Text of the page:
California Intellectual Property Blog


#Siri #Patent Infringement Settlement to Cost #Apple $24.9M

apple-storeLos Angeles – Apple has agreed to pay out $24.9 million to settle a lawsuit that has dragged on for years. The lawsuit is alleging that its Siri voice assistant technology violated a patent licensed to a Dallas company and owned by Rensselaer Polytechnic Institute in New York. The Dallas company, Dynamic Advances, was the exclusive licensee of Rensselaer’s patent.

Dynamic Advances does not mention what exactly it does with all of the patents it has licensed; however, it appears the company is a non-practicing entity also know as a patent troll. There is no further information about the company’s operations or history that has been revealed at this point. Under the terms of the agreement, Dynamic Advances’ parent company, Marathon Patent Group, will receive $5 million from Apple as soon as Dynamic Advances drops its case. In exchange, Apple will receive a patent license and a promise that they will not be sued again for the next three years over this issue. The remaining $19.9 million will be paid after later conditions are met.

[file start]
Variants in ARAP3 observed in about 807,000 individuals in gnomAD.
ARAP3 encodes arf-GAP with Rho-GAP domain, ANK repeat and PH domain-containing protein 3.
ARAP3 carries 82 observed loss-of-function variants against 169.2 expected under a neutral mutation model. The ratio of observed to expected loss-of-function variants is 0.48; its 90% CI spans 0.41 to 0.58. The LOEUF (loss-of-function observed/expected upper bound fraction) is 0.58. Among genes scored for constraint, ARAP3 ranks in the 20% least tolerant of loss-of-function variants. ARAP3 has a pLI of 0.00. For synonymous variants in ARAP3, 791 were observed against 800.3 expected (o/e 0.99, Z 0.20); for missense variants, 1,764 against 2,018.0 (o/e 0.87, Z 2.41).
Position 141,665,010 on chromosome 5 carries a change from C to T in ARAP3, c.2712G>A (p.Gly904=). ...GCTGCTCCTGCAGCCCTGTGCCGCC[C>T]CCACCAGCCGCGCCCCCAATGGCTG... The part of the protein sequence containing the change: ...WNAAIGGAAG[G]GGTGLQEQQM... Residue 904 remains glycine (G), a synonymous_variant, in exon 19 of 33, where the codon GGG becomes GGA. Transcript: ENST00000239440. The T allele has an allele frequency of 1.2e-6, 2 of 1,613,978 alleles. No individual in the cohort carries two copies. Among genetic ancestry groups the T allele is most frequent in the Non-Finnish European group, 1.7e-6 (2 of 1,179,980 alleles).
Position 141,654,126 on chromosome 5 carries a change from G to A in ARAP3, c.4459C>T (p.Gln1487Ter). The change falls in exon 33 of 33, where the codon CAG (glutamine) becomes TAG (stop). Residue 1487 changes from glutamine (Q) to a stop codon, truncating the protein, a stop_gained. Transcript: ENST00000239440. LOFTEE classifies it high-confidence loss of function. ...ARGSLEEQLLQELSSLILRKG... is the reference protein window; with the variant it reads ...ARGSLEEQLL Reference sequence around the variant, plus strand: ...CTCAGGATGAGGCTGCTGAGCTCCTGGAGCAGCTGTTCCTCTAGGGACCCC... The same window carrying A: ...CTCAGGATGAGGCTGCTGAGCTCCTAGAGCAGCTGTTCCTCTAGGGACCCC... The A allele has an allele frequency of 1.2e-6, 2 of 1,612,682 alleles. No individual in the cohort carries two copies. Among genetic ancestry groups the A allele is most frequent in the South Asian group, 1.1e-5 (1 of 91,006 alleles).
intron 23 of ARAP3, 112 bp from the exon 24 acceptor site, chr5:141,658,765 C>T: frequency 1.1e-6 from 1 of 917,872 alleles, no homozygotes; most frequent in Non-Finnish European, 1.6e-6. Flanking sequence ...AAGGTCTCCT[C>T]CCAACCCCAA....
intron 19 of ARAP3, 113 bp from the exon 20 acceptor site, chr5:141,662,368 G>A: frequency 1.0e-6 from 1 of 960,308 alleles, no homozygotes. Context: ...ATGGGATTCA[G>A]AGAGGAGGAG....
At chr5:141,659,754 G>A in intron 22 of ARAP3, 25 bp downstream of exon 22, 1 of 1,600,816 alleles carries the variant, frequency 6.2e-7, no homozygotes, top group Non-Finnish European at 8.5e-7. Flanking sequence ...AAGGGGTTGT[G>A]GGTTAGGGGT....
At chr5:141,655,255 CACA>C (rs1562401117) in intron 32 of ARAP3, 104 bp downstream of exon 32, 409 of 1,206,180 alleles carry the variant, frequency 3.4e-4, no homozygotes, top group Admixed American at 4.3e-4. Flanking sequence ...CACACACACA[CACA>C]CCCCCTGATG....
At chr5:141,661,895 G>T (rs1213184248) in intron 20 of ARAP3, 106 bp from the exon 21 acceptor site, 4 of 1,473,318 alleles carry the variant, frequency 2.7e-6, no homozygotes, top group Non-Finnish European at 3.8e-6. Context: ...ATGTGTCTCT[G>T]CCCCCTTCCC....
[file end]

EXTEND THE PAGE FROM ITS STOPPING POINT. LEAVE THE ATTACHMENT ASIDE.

Dynamic Advances suggested that about half of its gross proceeds will probably go to New York state’s Rensselaer Polytechnic Institute. The contended patent was originally developed by an Rensselaer Polytechnic Institute professor, Cheng Hsu, and Veera Boonjing, a Rensselaer Polytechnic Institute doctoral student, but licensed exclusively to Dynamic Advances. Rensselaer Polytechnic Institute has not, however, agreed to the royalty rate proposed in the settlement. The contended U.S. patent in this case is only one of several in Apple’s pile of ongoing worldwide litigation. It covers one of Siri’s main features, conversational interaction, titled “Natural language interface using constrained intermediate dictionary of results.”

The patent in question was issued in 2007, four years before Apple debuted Siri in 2011. In that same year, Rensselaer licensed the patent to Dynamic Advances. The lawsuit dates back to October 2012, almost exactly a year after Apple introduced Siri with iOS 5 and the iPhone 4S.

Apple has since brought Siri support to all of its iOS product lines, as well as the Apple TV, though the technology is still conspicuously absent from Mac computers.

The case was supposed to go to trial next month in U.S. District Court in the Northern District of New York, but was stopped short with this new settlement.


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